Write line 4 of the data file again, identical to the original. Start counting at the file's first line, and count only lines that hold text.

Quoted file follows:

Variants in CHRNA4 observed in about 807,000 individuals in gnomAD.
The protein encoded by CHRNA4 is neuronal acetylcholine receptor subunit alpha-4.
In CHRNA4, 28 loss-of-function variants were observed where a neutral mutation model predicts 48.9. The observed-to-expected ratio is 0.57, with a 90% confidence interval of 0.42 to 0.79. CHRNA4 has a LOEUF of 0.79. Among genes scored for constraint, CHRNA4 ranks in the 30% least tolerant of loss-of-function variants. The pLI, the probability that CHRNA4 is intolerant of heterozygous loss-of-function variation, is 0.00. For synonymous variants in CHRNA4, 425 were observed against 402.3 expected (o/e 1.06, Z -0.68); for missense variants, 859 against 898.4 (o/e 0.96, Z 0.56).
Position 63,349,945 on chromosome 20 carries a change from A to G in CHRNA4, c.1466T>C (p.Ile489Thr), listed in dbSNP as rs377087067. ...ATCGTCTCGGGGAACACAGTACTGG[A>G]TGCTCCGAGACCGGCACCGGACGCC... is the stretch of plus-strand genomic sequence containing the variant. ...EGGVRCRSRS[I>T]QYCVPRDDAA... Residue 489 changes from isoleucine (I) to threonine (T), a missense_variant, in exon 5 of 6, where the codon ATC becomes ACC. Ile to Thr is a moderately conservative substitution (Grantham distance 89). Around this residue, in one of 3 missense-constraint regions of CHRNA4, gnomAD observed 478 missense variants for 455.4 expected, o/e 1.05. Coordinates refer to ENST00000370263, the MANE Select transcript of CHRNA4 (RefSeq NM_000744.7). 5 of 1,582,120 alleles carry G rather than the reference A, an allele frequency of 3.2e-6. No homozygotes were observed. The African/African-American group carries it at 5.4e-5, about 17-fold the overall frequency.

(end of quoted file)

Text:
Position 63,349,945 on chromosome 20 carries a change from A to G in CHRNA4, c.1466T>C (p.Ile489Thr), listed in dbSNP as rs377087067. ...ATCGTCTCGGGGAACACAGTACTGG[A>G]TGCTCCGAGACCGGCACCGGACGCC... is the stretch of plus-strand genomic sequence containing the variant. ...EGGVRCRSRS[I>T]QYCVPRDDAA... Residue 489 changes from isoleucine (I) to threonine (T), a missense_variant, in exon 5 of 6, where the codon ATC becomes ACC. Ile to Thr is a moderately conservative substitution (Grantham distance 89). Around this residue, in one of 3 missense-constraint regions of CHRNA4, gnomAD observed 478 missense variants for 455.4 expected, o/e 1.05. Coordinates refer to ENST00000370263, the MANE Select transcript of CHRNA4 (RefSeq NM_000744.7). 5 of 1,582,120 alleles carry G rather than the reference A, an allele frequency of 3.2e-6. No homozygotes were observed. The African/African-American group carries it at 5.4e-5, about 17-fold the overall frequency.